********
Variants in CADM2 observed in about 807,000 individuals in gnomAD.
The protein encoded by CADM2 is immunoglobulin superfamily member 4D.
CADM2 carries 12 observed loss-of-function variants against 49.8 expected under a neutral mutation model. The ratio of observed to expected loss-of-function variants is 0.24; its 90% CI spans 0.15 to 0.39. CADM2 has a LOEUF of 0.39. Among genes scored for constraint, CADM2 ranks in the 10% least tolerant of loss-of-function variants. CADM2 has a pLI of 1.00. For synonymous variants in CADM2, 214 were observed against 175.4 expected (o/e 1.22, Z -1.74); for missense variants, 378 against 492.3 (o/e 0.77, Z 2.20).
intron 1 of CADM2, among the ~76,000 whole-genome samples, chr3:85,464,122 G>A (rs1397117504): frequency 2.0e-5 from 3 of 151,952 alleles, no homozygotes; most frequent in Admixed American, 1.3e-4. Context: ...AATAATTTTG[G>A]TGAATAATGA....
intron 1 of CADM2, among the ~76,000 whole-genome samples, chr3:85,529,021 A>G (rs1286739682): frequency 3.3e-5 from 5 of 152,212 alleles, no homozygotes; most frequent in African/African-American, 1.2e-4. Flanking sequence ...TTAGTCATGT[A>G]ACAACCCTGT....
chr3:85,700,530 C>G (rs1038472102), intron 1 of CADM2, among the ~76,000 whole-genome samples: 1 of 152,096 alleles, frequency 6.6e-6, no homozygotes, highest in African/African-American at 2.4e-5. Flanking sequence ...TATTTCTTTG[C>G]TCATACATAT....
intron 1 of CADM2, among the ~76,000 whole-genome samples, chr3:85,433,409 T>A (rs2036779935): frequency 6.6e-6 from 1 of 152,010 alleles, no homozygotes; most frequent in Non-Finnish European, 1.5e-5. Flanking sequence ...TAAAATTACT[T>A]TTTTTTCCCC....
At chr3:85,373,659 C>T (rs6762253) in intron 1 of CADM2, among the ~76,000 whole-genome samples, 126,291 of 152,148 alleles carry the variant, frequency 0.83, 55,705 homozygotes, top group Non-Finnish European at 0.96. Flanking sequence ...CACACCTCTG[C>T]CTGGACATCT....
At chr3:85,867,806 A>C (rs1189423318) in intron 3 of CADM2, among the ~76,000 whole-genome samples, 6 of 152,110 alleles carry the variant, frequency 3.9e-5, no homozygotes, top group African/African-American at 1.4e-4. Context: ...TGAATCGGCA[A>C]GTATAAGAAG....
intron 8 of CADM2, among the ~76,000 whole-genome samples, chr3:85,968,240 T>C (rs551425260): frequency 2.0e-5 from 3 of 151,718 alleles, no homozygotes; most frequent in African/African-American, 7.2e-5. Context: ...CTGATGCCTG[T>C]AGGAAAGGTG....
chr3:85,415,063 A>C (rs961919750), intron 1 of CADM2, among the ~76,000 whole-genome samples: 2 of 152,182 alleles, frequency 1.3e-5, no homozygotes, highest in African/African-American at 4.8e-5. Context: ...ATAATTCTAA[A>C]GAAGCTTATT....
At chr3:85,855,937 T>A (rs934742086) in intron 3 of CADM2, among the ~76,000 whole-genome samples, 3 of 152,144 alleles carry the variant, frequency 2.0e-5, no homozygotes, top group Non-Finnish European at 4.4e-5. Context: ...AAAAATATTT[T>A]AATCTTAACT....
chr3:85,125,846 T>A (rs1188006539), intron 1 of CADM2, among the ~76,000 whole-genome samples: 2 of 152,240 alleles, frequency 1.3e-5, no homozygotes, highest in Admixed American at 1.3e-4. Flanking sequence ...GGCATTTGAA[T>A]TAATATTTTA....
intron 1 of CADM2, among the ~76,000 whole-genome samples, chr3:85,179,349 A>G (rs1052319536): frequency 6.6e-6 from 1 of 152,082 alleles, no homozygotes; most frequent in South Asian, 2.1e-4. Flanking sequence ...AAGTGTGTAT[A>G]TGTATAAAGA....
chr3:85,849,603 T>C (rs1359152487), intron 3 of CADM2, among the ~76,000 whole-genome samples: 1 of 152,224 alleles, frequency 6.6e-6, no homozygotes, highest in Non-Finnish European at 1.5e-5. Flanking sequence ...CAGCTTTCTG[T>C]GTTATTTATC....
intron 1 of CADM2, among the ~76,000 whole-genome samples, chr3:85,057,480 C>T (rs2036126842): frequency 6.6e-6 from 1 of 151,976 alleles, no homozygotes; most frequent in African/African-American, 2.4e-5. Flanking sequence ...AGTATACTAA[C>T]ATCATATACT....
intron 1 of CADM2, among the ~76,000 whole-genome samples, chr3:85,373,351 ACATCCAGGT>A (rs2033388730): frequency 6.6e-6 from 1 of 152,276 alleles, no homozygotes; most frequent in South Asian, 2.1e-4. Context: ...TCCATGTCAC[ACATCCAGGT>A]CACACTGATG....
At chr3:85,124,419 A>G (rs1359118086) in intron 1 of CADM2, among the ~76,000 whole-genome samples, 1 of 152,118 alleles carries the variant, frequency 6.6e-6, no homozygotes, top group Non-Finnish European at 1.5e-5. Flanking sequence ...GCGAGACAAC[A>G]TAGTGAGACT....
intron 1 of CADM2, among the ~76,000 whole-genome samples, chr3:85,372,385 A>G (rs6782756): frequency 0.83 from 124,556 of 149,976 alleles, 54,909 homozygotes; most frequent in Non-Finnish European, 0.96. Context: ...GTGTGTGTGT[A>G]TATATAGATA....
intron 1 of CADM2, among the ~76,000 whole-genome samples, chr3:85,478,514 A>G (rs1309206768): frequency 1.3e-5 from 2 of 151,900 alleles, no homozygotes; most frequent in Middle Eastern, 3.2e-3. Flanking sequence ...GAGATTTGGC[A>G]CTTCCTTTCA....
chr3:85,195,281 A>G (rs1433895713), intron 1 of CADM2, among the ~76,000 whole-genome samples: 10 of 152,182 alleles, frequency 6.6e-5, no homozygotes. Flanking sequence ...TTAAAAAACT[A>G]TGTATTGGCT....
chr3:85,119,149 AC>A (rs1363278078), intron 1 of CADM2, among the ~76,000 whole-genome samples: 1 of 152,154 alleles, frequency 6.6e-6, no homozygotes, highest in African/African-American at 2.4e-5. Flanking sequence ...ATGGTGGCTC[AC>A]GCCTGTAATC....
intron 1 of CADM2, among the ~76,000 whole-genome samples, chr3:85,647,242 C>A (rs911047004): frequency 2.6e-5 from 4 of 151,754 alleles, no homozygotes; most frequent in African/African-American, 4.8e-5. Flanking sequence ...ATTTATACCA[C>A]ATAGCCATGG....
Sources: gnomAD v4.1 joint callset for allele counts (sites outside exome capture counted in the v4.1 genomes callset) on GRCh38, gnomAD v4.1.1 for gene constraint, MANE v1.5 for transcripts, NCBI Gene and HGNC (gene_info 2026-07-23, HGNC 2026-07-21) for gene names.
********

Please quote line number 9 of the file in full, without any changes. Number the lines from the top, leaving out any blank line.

At chr3:85,867,806 A>C (rs1189423318) in intron 3 of CADM2, among the ~76,000 whole-genome samples, 6 of 152,110 alleles carry the variant, frequency 3.9e-5, no homozygotes, top group African/African-American at 1.4e-4. Context: ...TGAATCGGCA[A>C]GTATAAGAAG....